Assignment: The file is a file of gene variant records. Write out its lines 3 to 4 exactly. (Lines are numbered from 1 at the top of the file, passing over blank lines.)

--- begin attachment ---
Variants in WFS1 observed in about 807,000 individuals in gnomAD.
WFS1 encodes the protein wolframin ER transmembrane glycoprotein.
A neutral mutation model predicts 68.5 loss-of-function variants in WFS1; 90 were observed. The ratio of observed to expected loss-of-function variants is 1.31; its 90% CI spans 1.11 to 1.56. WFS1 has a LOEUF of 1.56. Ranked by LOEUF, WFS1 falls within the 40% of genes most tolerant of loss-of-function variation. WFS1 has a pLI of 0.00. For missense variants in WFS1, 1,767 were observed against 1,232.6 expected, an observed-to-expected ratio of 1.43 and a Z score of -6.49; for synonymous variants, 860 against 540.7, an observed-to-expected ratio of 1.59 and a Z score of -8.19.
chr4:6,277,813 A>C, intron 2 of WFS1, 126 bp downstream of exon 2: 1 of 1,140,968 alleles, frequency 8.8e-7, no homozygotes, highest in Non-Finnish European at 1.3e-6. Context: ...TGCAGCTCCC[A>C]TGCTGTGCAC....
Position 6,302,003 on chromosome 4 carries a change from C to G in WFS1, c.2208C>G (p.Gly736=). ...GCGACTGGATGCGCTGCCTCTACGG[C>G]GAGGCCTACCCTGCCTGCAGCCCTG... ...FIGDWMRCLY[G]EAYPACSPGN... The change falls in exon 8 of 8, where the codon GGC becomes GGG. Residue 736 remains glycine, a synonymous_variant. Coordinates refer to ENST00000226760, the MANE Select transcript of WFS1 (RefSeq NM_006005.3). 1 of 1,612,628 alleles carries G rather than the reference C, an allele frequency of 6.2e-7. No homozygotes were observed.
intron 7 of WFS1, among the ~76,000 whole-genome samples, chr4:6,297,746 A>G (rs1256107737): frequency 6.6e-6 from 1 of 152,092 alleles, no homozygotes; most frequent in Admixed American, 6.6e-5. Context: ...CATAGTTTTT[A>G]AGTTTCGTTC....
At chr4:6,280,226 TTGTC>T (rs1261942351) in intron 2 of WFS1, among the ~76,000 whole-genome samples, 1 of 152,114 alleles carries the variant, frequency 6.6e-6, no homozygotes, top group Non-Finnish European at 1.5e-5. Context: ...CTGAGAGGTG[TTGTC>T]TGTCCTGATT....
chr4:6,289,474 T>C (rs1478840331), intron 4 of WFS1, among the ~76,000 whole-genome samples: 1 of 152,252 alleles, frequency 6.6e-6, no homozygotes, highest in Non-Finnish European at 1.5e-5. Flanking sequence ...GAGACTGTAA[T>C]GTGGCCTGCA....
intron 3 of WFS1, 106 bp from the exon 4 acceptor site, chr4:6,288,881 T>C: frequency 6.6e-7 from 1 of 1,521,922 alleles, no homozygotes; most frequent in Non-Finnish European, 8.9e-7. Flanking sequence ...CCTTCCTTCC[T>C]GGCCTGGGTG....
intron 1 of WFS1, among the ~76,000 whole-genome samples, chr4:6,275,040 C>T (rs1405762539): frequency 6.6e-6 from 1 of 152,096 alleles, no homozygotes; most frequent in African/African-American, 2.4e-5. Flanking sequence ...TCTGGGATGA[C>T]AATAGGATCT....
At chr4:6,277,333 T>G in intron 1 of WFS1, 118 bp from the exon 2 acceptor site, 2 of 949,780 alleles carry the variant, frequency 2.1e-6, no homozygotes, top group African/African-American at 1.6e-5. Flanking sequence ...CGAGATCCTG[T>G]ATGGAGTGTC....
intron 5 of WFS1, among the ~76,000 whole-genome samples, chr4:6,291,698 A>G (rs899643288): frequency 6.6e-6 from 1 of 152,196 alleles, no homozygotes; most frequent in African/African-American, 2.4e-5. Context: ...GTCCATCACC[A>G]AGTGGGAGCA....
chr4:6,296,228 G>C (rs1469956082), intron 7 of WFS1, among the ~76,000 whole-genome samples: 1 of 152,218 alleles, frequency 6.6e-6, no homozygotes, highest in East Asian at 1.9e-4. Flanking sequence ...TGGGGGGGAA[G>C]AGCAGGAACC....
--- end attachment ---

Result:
A neutral mutation model predicts 68.5 loss-of-function variants in WFS1; 90 were observed. The ratio of observed to expected loss-of-function variants is 1.31; its 90% CI spans 1.11 to 1.56. WFS1 has a LOEUF of 1.56. Ranked by LOEUF, WFS1 falls within the 40% of genes most tolerant of loss-of-function variation. WFS1 has a pLI of 0.00. For missense variants in WFS1, 1,767 were observed against 1,232.6 expected, an observed-to-expected ratio of 1.43 and a Z score of -6.49; for synonymous variants, 860 against 540.7, an observed-to-expected ratio of 1.59 and a Z score of -8.19.
chr4:6,277,813 A>C, intron 2 of WFS1, 126 bp downstream of exon 2: 1 of 1,140,968 alleles, frequency 8.8e-7, no homozygotes, highest in Non-Finnish European at 1.3e-6. Context: ...TGCAGCTCCC[A>C]TGCTGTGCAC....